I do hate that word “kerfuffle” but it certainly applies.
…Jeff [Jarvis] has a terrific post on the fiasco in Cleveland in which the Plain Dealer hired some partisan bloggers (good idea) and then fired one when he got a bit too partisan (bad idea).
The resulting fallout, as well-documented and analyzed by Jeff, is amusing and sad—a classic case of a newspaper so stuck in the old ways of doing things that it shoots itself in the foot when it ventures into something new. The paper’s management has rolled itself into a defensive ball over something that shouldn’t have been an issue in the first place, making things worse in the process, and naturally, the controversy is rife with hypocrisy and ignorance on the part of the paper’s leaders.
Anyway, go read Jeff’s post. I’ll get back to my series on what newspapers should be doing to survive in a couple of days. But suffice it to say that what the Plain Dealer is doing is an object lesson on what not to do. [emphasis mine]
Is it ojbect or abject? Or either?
Then, Potts links to this piece at the McClatchy editors’ blog, Etaoin Shrdlu (I have no idea what that’s about – something very insider journalist??), called, “Feeling Uncomfortable Yet?”:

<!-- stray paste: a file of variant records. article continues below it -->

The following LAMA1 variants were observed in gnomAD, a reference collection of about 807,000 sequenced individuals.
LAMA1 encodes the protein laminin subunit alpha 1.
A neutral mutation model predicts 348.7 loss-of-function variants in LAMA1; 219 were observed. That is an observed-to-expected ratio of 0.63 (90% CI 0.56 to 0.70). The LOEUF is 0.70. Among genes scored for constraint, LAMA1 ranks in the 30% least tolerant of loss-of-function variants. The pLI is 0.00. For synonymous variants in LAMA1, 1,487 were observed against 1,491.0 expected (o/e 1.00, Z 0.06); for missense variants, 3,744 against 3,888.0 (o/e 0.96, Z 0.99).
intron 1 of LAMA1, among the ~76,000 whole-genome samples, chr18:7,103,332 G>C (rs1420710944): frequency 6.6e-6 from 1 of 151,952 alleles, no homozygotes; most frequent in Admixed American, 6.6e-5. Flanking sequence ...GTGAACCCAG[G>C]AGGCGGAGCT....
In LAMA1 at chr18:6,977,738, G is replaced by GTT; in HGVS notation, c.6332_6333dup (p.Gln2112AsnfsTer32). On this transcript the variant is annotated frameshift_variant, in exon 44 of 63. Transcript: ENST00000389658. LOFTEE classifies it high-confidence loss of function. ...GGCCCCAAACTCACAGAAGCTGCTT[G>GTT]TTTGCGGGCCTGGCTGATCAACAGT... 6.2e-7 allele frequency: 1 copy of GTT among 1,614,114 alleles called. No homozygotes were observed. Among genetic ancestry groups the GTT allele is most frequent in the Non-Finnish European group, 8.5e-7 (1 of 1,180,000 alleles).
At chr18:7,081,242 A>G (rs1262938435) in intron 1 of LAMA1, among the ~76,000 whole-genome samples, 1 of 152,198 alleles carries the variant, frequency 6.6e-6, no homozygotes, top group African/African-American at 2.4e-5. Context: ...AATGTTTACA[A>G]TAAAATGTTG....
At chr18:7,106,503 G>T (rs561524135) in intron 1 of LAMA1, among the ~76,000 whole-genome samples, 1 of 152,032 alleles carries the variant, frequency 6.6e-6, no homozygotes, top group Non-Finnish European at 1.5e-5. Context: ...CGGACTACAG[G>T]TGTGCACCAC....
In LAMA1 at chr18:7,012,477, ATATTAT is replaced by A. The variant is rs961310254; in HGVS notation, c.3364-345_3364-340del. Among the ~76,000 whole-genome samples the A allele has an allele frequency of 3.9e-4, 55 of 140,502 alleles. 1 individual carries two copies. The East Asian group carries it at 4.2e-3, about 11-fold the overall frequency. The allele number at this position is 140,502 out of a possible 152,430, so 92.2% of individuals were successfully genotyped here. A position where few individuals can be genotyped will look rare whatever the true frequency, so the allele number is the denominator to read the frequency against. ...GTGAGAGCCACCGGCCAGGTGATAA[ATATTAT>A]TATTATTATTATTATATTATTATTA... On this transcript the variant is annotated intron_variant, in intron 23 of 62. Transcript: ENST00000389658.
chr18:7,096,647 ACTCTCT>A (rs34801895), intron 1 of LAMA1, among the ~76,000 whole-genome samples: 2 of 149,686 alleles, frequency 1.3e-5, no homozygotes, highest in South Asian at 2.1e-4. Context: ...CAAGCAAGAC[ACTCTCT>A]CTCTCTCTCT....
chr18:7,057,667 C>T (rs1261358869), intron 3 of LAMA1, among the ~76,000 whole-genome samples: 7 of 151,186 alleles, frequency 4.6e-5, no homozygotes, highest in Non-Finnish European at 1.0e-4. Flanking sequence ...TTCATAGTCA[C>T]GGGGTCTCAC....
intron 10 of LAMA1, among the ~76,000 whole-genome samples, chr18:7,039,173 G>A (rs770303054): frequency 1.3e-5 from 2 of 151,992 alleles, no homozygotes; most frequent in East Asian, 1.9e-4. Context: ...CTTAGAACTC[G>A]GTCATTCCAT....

And by now you may also have learned that one of those opinion bloggers once got fired by the politician she’s now criticizing, or that the guy co-hosting the Outdoors blog was convicted of hunting out of season 14 years ago, or that …. well, you get the drift.
Are you feeling uncomfortable yet?
If not, I’m worried about you. If you’re not squirming in uncertainty from time to time nowadays, you must not be close enough to the edge. In response to a question in the Sacramento Bee newsroom last week, Melanie Sill said, “If you’re in a newsroom and the editor doesn’t say that change is needed, you should leave.” I think that same sentiment applies to our need to loosen up, let go of some control and learn to play by the changing rules of the new game we’re in.
You know, that idea – that people most often seek mental health intervention only after they’ve become so uncomfortable that they can no longer exist – is very applicable here.
If you were a behavioral organization management guru, what would you say to the Plain Dealer?